The experiences we have in our teenage years are formative ones, and the mistakes and choices we make can follow us into adulthood. There’s great opportunity, uncertainty, and passion in those years, and they leave a mark on us. I didn’t start reading YA until I reached my twenties, and I wish I’d found it earlier—seeing so closely into the lives of other teens who are wrestling with the same changes and struggles I was would have been so helpful as a teen. I still find myself identifying with the characters in these stories, because people never stop struggling with change. You don’t grow out of YA.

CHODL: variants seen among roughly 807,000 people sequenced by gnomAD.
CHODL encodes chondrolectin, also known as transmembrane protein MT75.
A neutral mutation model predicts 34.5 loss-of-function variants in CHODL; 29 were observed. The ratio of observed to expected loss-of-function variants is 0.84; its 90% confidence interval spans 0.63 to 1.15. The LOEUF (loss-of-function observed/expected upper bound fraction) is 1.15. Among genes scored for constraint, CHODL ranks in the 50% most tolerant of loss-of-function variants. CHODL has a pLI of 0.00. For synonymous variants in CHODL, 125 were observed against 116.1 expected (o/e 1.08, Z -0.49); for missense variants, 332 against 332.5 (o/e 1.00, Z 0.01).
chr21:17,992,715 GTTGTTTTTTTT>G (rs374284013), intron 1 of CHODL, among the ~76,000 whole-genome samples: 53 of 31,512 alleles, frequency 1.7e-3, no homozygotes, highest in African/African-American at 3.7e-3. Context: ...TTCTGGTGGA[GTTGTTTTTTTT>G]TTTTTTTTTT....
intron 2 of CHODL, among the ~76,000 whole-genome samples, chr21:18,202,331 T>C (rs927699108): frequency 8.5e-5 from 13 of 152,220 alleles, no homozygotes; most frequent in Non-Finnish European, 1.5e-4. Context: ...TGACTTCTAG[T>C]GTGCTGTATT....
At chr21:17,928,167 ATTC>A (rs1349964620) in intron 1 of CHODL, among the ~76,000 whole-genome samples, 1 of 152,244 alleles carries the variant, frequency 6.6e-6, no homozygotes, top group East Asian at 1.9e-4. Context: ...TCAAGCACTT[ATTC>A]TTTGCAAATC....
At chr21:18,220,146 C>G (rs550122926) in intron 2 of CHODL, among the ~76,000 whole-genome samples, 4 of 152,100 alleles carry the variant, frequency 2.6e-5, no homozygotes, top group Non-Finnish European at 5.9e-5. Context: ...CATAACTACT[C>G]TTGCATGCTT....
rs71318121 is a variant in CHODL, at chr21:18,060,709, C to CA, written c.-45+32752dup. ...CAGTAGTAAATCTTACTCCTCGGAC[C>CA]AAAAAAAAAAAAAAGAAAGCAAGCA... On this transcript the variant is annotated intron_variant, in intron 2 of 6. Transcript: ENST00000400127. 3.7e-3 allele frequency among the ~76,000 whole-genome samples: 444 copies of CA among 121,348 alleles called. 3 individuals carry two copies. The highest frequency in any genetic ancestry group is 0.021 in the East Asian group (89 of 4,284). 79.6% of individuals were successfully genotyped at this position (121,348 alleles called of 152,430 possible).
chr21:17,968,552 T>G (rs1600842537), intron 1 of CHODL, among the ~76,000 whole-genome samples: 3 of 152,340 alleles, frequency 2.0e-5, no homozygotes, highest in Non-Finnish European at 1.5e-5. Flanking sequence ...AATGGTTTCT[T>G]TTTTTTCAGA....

Did you have a favorite character to write?

HOW WE FALL is a YA contemporary story about two cousins who are hiding a relationship. I chose Jackie as the perspective character for this story because I really love how she thinks. She’s not really honest with herself, and often says the opposite of what she means, so it was a really interesting voice to write. Since it’s first person, the reader is really close to her thoughts, but I still needed to communicate the difference between her thoughts and reality. It was a really fun style I’m looking forward to doing more with.

What was the road to getting published like?